RASPBERRY Pi + POINTS - The Pi provides Input and Output ( I/O) lines but no supporting library per se like you get with Arduino. You can do much of what you want in terms of reading sensors and driving servos from the Raspberry Pi, but it is probably better done on the Arduino.
What Raspberry Pi can provide that is out of reach of Arduino
is an operating system of the stature of Linux (Fedora and others), and with that all the support that Linux provides for non-trivial devices like USB Ethernet, USB cameras, etc. It also gains you access to the wide array of powerful libraries written for Linux like OpenCV for image processing and
hundreds (thousands) of others - pretty much anything that you would find on a desktop system is going to be available or portable in theory to Linux running on Raspberry Pi. It also provides orders of magnitude more processing power and memory, which will help in doing that tasks that a more sophisticate robotics application will need to perform.
The basic architecture of a Raspberry Pi/Arduino robot would be something like this:
1. Logic for interacting with robot hardware on the Arduino, and the brains of the robot on Raspberry Pi.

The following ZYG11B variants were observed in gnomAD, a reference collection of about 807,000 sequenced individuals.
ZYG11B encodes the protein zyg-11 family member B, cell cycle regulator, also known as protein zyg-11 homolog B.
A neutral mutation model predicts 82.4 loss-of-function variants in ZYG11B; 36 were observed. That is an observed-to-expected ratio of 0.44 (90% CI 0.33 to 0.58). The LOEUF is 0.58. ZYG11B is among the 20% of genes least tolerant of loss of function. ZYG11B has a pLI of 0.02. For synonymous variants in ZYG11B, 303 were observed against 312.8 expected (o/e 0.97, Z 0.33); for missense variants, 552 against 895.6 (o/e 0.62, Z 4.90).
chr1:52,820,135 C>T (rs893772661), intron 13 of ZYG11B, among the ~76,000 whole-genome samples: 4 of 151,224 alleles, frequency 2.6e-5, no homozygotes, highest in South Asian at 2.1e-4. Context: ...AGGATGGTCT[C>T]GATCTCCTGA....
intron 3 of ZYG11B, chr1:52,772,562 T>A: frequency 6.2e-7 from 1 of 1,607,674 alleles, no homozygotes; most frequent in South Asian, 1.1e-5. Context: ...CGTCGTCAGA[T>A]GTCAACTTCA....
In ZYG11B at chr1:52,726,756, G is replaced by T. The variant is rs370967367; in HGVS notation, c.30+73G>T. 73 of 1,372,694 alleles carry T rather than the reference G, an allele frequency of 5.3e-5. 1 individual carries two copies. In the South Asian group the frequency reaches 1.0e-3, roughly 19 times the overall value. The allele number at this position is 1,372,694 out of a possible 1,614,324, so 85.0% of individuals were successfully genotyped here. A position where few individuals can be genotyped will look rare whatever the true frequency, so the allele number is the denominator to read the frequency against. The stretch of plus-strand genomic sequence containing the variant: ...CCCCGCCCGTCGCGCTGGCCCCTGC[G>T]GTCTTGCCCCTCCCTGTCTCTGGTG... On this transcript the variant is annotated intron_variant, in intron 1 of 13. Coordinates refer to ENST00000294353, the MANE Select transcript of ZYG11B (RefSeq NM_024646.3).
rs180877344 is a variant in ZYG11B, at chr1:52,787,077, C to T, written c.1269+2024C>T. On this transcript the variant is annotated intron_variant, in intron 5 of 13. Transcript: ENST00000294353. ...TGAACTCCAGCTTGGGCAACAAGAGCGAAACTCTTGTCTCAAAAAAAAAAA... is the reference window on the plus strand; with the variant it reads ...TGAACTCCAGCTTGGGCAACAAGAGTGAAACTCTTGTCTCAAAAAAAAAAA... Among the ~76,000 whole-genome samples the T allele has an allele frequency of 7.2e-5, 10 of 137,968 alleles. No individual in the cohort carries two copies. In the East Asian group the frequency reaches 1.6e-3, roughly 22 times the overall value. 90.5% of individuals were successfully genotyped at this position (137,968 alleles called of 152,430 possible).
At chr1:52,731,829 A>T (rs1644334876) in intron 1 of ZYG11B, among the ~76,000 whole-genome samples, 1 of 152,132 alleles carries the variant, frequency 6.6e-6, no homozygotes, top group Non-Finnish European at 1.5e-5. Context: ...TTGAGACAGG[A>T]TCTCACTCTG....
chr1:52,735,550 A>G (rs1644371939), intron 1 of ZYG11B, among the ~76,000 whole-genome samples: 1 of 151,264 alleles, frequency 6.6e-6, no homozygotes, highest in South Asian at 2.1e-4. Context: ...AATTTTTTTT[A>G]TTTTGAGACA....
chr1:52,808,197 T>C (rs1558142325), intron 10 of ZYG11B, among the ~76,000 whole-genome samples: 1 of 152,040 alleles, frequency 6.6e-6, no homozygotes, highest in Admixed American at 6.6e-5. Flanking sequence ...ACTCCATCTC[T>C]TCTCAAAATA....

2. Add an Ethernet shield and send messages between the two (sensor status from Arduino to Raspberry Pi, and control commands (e.g., servo commands) from Raspberry Pi to Arduino).
Or wire together the serial lines and send commands and data over serial
(preferred, since it uses less power and probably less code to implement).
ROBOT INSECT PARTS - Ryan checks out the 2kW hour 48 volt lithium battery pack and the electronic speed controllers for the two 500 watt 2/3rd horsepower motors. That means that combined, this robot hexapod will have the power of 1.34 horses. Of course that all depends on the efficiency of the motors and drive train. In reality it will be more like a half a horse. A horse is a much bigger animal that our DinoBot.
COMPATIBILITY - A 3.3V I2C component can be connected directly to the Arduino, by using the 3.3V of the Arduino board, and using two 4k7 pull-up resistors to the 3.3V, but you have to know the risks. The Arduino boards use AVR microprocessors, most of which run at run at 5 Volts, and most of those Arduino Boards have a voltage regulator for 3.3 V which can be used for those components that need it.